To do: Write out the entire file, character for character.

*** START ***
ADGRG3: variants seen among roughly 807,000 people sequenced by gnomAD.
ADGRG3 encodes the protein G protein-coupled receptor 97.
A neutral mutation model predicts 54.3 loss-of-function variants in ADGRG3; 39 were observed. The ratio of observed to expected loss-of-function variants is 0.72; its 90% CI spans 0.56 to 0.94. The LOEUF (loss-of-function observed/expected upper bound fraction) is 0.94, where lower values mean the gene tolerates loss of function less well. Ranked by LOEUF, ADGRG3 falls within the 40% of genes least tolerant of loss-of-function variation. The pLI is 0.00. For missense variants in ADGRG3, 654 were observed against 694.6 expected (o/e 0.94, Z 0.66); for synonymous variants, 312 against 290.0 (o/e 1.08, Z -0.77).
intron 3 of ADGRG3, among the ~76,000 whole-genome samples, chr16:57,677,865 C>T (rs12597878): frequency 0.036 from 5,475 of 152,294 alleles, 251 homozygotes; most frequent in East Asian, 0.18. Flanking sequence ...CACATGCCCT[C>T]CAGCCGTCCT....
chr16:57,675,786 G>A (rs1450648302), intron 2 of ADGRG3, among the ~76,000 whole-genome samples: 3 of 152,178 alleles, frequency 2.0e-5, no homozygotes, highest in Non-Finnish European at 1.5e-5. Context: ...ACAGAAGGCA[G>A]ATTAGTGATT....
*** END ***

ADGRG3: variants seen among roughly 807,000 people sequenced by gnomAD.
ADGRG3 encodes the protein G protein-coupled receptor 97.
A neutral mutation model predicts 54.3 loss-of-function variants in ADGRG3; 39 were observed. The ratio of observed to expected loss-of-function variants is 0.72; its 90% CI spans 0.56 to 0.94. The LOEUF (loss-of-function observed/expected upper bound fraction) is 0.94, where lower values mean the gene tolerates loss of function less well. Ranked by LOEUF, ADGRG3 falls within the 40% of genes least tolerant of loss-of-function variation. The pLI is 0.00. For missense variants in ADGRG3, 654 were observed against 694.6 expected (o/e 0.94, Z 0.66); for synonymous variants, 312 against 290.0 (o/e 1.08, Z -0.77).
intron 3 of ADGRG3, among the ~76,000 whole-genome samples, chr16:57,677,865 C>T (rs12597878): frequency 0.036 from 5,475 of 152,294 alleles, 251 homozygotes; most frequent in East Asian, 0.18. Flanking sequence ...CACATGCCCT[C>T]CAGCCGTCCT....
chr16:57,675,786 G>A (rs1450648302), intron 2 of ADGRG3, among the ~76,000 whole-genome samples: 3 of 152,178 alleles, frequency 2.0e-5, no homozygotes, highest in Non-Finnish European at 1.5e-5. Context: ...ACAGAAGGCA[G>A]ATTAGTGATT....